The stunning decision by Standard & Poor’s on Friday to downgrade the long-term credit rating of the United States government to AA+ from AAA will likely raise questions about investor confidence in the economy and throw equity markets into more turmoil.

The great unknown is, how will U.S. stocks (which have already been hammered over the past two weeks) respond to this shocking development? And will there be a long-term lingering impact on stock price performance going forward?

Part of the problem is that the downgrade (while perhaps not a total surprise) arrived somewhat unexpectedly – and during a period when markets are already in an extremely volatile and fragile state.

Sean M. Snaith, director of Institute for Economic at the University of Central Florida, said he was “surprised” by S&P’s downgrade, but “skeptical” about the possible motivations behind it.

“Wasn't [S&P] one of the rating agencies that declared the mortgage-backed securities that were at the heart of the financial crisis to be AAA, when they were far from it?” he pondered. “How much credibility do these agencies have at this point?”

George Goncalves, chief Treasury strategist for Nomura Americas, told CNBC: “I did not expect this [downgrade] to happen this soon… I really thought they'd take the two-stage approach and see how further [spending] cuts would come along."

Goncalves added: "In the moments in the past when large countries were downgraded, our analysis shows there is some volatility. It depends on the market conditions. I don't think given the environment we're in right now, this was the optimal time to be seeing a downgrade of the largest nation in the world. The only fear I have is that after a pretty rough week in the risk markets, how is this going to be perceived by investors?”

Among other issues the downgrade raises: what will happen to pension funds which are required to only hold AAA-rated securities? In the event they undertake a massive sell-off of Treasuries, bond yields would go through the roof.

Laura LaRosa, director of fixed income at Glenmede, an investment and wealth management firm in Philadelphia, told The Wall Street Journal: “[The downgrade is] a game-changer. With Europe in the situation that it is, adding the U.S. to the problem is just really bad for world financial markets."

She added: "People who are more focused on equities have said they were prepared for it. They said it was supposed to happen. But I think the bond market is not going to take it as easily as the equities guys will. Bond prices will go down."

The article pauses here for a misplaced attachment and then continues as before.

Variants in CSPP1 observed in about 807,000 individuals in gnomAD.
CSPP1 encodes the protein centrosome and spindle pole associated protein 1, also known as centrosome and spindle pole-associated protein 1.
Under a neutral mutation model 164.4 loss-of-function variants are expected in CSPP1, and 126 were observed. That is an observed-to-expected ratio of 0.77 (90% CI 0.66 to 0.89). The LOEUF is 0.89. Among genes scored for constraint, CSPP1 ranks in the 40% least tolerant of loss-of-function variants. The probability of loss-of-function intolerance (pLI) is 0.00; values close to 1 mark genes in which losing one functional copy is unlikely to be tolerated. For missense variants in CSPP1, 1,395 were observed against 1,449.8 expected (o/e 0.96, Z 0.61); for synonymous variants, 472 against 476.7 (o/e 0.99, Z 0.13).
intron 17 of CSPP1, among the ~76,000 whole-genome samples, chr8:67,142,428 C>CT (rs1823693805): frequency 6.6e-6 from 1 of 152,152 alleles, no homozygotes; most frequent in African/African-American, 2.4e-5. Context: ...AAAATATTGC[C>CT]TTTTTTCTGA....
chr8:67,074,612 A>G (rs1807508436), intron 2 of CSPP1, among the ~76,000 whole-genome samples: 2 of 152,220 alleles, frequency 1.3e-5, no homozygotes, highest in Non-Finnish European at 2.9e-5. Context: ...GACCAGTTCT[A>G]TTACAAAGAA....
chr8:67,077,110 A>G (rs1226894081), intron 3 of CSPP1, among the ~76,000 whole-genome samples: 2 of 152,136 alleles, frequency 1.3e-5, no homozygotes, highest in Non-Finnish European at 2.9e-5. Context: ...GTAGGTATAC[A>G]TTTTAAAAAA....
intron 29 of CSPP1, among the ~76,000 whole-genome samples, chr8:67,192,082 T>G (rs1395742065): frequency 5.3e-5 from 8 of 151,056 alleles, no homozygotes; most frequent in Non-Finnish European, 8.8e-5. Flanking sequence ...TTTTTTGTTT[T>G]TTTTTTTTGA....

However, Snaith does not expect Treasuries to respond in an “exaggerated fashion” to this development.

“What [has] changed fundamentally from Friday prior to when the downgrade occurred?”, he said.

He noted that “Treasury yields fell in the days leading up to the [government's] debt ceiling deadline and when the Dow fell by 500 points - not exactly a sign of investors in Treasuries heading for the door.”

Indeed, some analysts think that the downgrade may already have been priced into the market (there were rumors that the downgrade was coming as early as Friday afternoon, which led to a huge stock sell-off later that trading session).

Christian Thwaites, president and chief executive at Sentinel Investments, told The Journal: "It'll be business as usual come Monday. This has been well priced in. S&P had been talking for a while about this. Their credibility has certainly taken a hit, so they obviously felt a need to follow through."

But Snaith adds that some investment funds which are tied to S&P ratings and required to hold AAA-bonds may witness some “portfolio adjustments.”

And what about the trillions of dollars of U.S. Treasuries held by foreign governments?

Snaith indicated that more than 78 percent of foreign treasury holdings are "foreign official" meaning they’re held by the Central Bank of the country.

“These holdings are typically driven by foreign exchange market intervention rather than portfolio considerations,” he said. “Despite the wailing and gnashing of teeth, a sell-off of Treasuries by these countries would undo what these purchases were intended to do -- prevent appreciation of their currencies against the U.S. Dollar.”